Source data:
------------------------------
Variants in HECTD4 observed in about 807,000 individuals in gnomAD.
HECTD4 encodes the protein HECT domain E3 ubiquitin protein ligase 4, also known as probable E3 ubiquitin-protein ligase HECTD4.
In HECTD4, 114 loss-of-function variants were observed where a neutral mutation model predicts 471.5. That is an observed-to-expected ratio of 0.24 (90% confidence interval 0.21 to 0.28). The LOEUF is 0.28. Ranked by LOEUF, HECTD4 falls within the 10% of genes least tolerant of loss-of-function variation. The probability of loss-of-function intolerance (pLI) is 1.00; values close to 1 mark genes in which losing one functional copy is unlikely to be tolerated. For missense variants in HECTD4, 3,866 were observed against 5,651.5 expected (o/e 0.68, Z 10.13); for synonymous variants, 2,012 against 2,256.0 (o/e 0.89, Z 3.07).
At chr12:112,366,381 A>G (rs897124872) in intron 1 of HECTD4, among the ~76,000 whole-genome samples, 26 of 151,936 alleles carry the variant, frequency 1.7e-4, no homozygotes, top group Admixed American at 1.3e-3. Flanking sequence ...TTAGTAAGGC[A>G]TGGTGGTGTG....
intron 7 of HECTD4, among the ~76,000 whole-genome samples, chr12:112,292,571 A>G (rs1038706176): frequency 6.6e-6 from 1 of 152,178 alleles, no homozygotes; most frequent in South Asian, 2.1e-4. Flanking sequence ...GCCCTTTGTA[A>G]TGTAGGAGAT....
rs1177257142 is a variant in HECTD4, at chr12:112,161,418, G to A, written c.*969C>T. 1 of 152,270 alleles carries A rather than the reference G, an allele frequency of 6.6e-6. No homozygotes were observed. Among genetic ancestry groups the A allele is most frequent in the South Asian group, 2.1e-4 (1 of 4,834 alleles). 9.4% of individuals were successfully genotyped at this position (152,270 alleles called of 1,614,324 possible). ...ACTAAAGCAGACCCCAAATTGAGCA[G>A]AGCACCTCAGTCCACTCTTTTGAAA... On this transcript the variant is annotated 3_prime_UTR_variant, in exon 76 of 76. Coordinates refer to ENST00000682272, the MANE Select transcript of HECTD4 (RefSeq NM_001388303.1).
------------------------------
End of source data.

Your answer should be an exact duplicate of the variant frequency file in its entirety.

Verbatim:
Variants in HECTD4 observed in about 807,000 individuals in gnomAD.
HECTD4 encodes the protein HECT domain E3 ubiquitin protein ligase 4, also known as probable E3 ubiquitin-protein ligase HECTD4.
In HECTD4, 114 loss-of-function variants were observed where a neutral mutation model predicts 471.5. That is an observed-to-expected ratio of 0.24 (90% confidence interval 0.21 to 0.28). The LOEUF is 0.28. Ranked by LOEUF, HECTD4 falls within the 10% of genes least tolerant of loss-of-function variation. The probability of loss-of-function intolerance (pLI) is 1.00; values close to 1 mark genes in which losing one functional copy is unlikely to be tolerated. For missense variants in HECTD4, 3,866 were observed against 5,651.5 expected (o/e 0.68, Z 10.13); for synonymous variants, 2,012 against 2,256.0 (o/e 0.89, Z 3.07).
At chr12:112,366,381 A>G (rs897124872) in intron 1 of HECTD4, among the ~76,000 whole-genome samples, 26 of 151,936 alleles carry the variant, frequency 1.7e-4, no homozygotes, top group Admixed American at 1.3e-3. Flanking sequence ...TTAGTAAGGC[A>G]TGGTGGTGTG....
intron 7 of HECTD4, among the ~76,000 whole-genome samples, chr12:112,292,571 A>G (rs1038706176): frequency 6.6e-6 from 1 of 152,178 alleles, no homozygotes; most frequent in South Asian, 2.1e-4. Flanking sequence ...GCCCTTTGTA[A>G]TGTAGGAGAT....
rs1177257142 is a variant in HECTD4, at chr12:112,161,418, G to A, written c.*969C>T. 1 of 152,270 alleles carries A rather than the reference G, an allele frequency of 6.6e-6. No homozygotes were observed. Among genetic ancestry groups the A allele is most frequent in the South Asian group, 2.1e-4 (1 of 4,834 alleles). 9.4% of individuals were successfully genotyped at this position (152,270 alleles called of 1,614,324 possible). ...ACTAAAGCAGACCCCAAATTGAGCA[G>A]AGCACCTCAGTCCACTCTTTTGAAA... On this transcript the variant is annotated 3_prime_UTR_variant, in exon 76 of 76. Coordinates refer to ENST00000682272, the MANE Select transcript of HECTD4 (RefSeq NM_001388303.1).